9. Capeau J, Bouteloup V, Katlama C, Bastard JP, Guiyedi V, Salmon-Ceron D, Protopopescu C, Leport C, Raffi F, Chene G, et al. Ten-year diabetes incidence in 1046 HIV-infected patients started on a combination antiretroviral treatment. AIDS. 2012;26(3):303–14.View ArticlePubMedGoogle Scholar
  10. Dooko CBA, Wit SD, Neuhaus J, Palfreeman A, Pepe R, Pankow JS, Neaton JD, Smart I, Groups ES. Interleukin-6, High Sensitivity C-Reactive Protein, and the Development of Type 2 Diabetes Among HIV-Positive Patients Taking Antiretroviral Therapy. J Acquir Immune Defic Syndr. 2014;67(5):538–46.View ArticlePubMed CentralGoogle Scholar
  11. Parikh RV, Scherzer R, Grunfeld C, Nitta EM, Leone A, Martin JN, Deeks SG, Ganz P, Hsue PY. Elevated levels of asymmetric dimethylarginine are associated with lower CD4+ count and higher viral load in HIV-infected individuals. Atherosclerosis. 2013;229(1):246–52.View ArticlePubMedPubMed CentralGoogle Scholar
  12. Abbasi F, Asagmi T, Cooke JP, Lamendola C, McLaughlin T, Reaven GM, Stuehlinger M, Tsao PS. Plasma concentrations of asymmetric dimethylarginine are increased in patients with type 2 diabetes mellitus. Am J Cardiol. 2001;88(10):1201–3.View ArticlePubMedGoogle Scholar
  13. Boger RH. Asymmetric dimethylarginine (ADMA): a novel risk marker in cardiovascular medicine and beyond. Ann Med. 2006;38(2):126–36.View ArticlePubMedGoogle Scholar
  14. Bode-Boger SM, Scalera F, Ignarro LJ. The L-arginine paradox: importance of the L-arginine/asymmetrical dimethylarginine ratio. Pharmacol Ther. 2007;114(3):295–306.View ArticlePubMedGoogle Scholar
  15. Vujkovic-Cvijin I, Dunham RM, Iwai S, Maher MC, Albright RG, Broadhurst MJ, Hernandez RD, Lederman MM, Huang Y, Somsouk M, et al. Dysbiosis of the gut microbiota is associated with HIV disease progression and tryptophan catabolism. Science translational medicine. 2013;5(193):193ra191.View ArticleGoogle Scholar
  16. Qin J, Li Y, Cai Z, Li S, Zhu J, Zhang F, Liang S, Zhang W, Guan Y, Shen D, et al. A metagenome-wide association study of gut microbiota in type 2 diabetes. Nature. 2012;490(7418):55–60.View ArticlePubMedGoogle Scholar
  17. Dinh DM, Volpe GE, Duffalo C, Bhalchandra S, Tai AK, Kane AV, Wanke CA, Ward HD. Intestinal microbiota, microbial translocation, and systemic inflammation in chronic HIV infection. Asian J Infect Dis. 2015;211(1):19–27.View ArticleGoogle Scholar
  18. Tremaroli V, Backhed F. Functional interactions between the gut microbiota and host metabolism. Nature. 2012;489(7415):242–9.View ArticlePubMedGoogle Scholar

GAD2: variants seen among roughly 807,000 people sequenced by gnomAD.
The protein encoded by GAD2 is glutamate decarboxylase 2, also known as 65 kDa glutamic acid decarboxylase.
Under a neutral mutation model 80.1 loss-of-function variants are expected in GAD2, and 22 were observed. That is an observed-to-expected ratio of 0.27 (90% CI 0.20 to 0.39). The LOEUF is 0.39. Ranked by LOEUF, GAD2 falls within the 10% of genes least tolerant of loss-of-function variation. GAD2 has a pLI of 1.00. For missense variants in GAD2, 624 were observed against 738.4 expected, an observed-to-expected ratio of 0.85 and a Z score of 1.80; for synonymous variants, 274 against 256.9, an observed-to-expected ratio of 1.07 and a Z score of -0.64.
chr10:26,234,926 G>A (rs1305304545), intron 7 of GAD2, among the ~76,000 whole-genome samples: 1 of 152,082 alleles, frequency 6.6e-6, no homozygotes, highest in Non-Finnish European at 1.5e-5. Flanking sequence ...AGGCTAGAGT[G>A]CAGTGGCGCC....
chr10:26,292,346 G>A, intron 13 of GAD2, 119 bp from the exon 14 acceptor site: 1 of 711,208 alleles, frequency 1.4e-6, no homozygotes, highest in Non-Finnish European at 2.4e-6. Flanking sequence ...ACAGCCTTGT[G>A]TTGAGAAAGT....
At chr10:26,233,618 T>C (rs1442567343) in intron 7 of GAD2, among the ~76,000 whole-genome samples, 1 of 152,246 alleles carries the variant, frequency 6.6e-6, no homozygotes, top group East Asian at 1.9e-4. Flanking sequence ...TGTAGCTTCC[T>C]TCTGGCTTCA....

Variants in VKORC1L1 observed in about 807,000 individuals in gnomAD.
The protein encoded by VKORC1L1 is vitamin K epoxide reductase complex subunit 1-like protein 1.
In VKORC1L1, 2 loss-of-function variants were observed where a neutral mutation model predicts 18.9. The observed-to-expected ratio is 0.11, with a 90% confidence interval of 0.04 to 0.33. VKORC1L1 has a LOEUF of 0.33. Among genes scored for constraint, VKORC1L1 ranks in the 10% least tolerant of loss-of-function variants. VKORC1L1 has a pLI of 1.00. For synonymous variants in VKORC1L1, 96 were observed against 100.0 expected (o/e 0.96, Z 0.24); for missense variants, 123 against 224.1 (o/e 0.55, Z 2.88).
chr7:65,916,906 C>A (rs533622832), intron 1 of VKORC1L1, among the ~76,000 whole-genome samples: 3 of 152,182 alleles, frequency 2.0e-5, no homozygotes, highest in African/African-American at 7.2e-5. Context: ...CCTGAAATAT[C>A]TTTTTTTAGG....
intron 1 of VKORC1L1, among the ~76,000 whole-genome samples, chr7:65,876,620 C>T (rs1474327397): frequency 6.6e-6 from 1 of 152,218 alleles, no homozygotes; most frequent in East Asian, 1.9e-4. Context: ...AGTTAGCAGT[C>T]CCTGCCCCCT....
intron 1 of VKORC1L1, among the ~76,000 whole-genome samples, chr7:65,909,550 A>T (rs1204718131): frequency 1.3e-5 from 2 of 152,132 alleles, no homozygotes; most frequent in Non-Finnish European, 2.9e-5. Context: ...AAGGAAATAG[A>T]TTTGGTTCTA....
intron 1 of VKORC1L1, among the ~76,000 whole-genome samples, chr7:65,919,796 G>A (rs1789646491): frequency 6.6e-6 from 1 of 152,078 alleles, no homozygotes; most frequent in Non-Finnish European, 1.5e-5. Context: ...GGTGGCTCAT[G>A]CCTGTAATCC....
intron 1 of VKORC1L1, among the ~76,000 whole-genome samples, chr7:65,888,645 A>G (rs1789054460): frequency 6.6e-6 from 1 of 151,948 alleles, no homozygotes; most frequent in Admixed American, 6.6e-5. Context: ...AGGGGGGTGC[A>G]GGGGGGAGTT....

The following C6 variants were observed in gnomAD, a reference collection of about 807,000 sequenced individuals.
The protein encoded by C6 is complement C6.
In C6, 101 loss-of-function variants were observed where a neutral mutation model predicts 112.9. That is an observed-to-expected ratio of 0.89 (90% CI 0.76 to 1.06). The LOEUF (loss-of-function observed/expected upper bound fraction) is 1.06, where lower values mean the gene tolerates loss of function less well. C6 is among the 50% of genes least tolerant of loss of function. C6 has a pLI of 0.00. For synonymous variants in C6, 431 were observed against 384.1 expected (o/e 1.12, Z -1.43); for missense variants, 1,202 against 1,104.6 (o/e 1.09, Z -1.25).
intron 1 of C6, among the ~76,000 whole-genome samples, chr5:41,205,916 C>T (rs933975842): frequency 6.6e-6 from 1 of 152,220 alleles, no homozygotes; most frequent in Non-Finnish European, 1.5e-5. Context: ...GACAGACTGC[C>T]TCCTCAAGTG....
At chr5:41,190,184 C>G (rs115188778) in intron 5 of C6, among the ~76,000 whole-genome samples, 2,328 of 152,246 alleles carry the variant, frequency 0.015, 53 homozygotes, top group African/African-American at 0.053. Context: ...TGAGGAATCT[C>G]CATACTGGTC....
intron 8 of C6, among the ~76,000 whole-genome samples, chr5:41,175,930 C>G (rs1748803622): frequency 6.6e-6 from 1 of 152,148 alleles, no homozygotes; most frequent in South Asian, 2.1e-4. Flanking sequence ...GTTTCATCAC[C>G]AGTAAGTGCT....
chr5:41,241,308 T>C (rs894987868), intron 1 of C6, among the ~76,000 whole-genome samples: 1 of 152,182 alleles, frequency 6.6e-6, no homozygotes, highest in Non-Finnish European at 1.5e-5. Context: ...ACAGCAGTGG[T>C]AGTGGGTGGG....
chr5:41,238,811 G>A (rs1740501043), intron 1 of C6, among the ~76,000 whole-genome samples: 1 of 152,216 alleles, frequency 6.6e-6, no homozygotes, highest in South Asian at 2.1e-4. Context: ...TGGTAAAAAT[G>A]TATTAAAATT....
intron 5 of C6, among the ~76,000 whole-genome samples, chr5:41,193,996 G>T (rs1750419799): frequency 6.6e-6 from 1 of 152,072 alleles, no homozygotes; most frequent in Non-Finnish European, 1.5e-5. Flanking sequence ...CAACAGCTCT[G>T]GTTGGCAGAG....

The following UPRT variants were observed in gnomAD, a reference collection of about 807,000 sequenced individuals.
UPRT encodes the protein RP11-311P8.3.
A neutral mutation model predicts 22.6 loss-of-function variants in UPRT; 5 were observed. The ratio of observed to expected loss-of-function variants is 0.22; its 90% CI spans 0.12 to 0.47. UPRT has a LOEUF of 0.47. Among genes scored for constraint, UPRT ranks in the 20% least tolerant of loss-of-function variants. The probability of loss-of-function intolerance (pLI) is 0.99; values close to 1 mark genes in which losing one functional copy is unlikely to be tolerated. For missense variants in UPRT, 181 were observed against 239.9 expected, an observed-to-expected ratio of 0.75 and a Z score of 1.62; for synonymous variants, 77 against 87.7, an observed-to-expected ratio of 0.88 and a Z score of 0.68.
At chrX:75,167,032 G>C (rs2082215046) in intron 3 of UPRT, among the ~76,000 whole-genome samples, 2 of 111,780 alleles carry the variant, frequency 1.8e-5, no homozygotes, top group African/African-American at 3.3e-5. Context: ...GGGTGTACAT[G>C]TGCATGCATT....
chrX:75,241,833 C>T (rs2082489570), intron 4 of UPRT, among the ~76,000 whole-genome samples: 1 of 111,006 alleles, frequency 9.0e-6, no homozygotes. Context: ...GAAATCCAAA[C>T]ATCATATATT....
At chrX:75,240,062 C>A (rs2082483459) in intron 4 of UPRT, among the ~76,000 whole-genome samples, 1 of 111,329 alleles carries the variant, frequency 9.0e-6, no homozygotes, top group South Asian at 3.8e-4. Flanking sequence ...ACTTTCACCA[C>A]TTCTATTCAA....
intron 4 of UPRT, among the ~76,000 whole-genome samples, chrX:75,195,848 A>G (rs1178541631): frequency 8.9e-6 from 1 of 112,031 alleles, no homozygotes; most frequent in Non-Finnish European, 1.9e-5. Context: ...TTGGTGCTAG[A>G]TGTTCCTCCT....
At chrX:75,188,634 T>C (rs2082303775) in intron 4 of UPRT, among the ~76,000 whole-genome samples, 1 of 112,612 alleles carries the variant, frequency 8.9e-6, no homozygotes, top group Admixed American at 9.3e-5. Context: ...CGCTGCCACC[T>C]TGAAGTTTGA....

19. Tang WH, Wang Z, Levison BS, Koeth RA, Britt EB, Fu X, Wu Y, Hazen SL. Intestinal microbial metabolism of phosphatidylcholine and cardiovascular risk. N Engl J Med. 2013;368(17):1575–84.View ArticlePubMedPubMed CentralGoogle Scholar
  20. Lever M, George PM, Slow S, Bellamy D, Young JM, Ho M, McEntyre CJ, Elmslie JL, Atkinson W, Molyneux SL, et al. Betaine and Trimethylamine-N-oxide as predictors of cardiovascular outcomes show different patterns in diabetes mellitus: an observational study. PLoS One. 2014;9(12):e114969.View ArticlePubMedPubMed CentralGoogle Scholar
  21. Wang Z, Klipfell E, Bennett BJ, Koeth R, Levison BS, Dugar B, Feldstein AE, Britt EB, Fu X, Chung YM, et al. Gut flora metabolism of phosphatidylcholine promotes cardiovascular disease. Nature. 2011;472(7341):57–63.View ArticlePubMedPubMed CentralGoogle Scholar
  22. Troseid M, Ueland T, Hov JR, Svardal A, Gregersen I, Dahl CP, Aakhus S, Gude E, Bjorndal B, Halvorsen B, et al. Microbiota-dependent metabolite trimethylamine-N-oxide is associated with disease severity and survival of patients with chronic heart failure. J Intern Med. 2015;277(6):717–26.View ArticlePubMedGoogle Scholar
  23. Pedersen KK, Manner IW, Selje I, Kvale D, Os I, Gerstoft J, Nielsen SD, Trøseid M. Monocyte activation, but not microbial translocation, is independently associated with markers of endovascular dysfunction in HIV-infected patients receiving cART. J Acquir Immune Defic Syndr. 2014;67(4):370–4.View ArticlePubMedGoogle Scholar
  24. Palomo I, Contreras A, Alarcon LM, Leiva E, Guzman L, Mujica V, Icaza G, Diaz N, Gonzalez DR, Moore-Carrasco R. Elevated concentration of asymmetric dimethylarginine (ADMA) in individuals with metabolic syndrome. Nitric Oxide. 2011;24(4):224–8.View ArticlePubMedGoogle Scholar
  25. Centre of Excellence for Health, Immunity and Infectious Diseases. [].
  26. Ridker PM. Clinical application of C-reactive protein for cardiovascular disease detection and prevention. Circulation. 2003;107(3):363–9.View ArticlePubMedGoogle Scholar
  27. Eid HM, Eritsland J, Larsen J, Arnesen H, Seljeflot I. Increased levels of asymmetric dimethylarginine in populations at risk for atherosclerotic disease effects of pravastatin. Atherosclerosis. 2003;166(2):279–84.View ArticlePubMedGoogle Scholar
  28. Parikh RV, Scherzer R, Nitta EM, Leone A, Hur S, Mistry V, Macgregor JS, Martin JN, Deeks SG, Ganz P, et al. Increased levels of asymmetric dimethylarginine are associated with pulmonary arterial hypertension in HIV infection. AIDS. 2014;28(4):511–9.View ArticlePubMedPubMed CentralGoogle Scholar
  29. Jang JJ, Berkheimer SB, Merchant M, Krishnaswami A. Asymmetric dimethylarginine and coronary artery calcium scores are increased in patients infected with human immunodeficiency virus. Atherosclerosis. 2011;217(2):514–7.View ArticlePubMedGoogle Scholar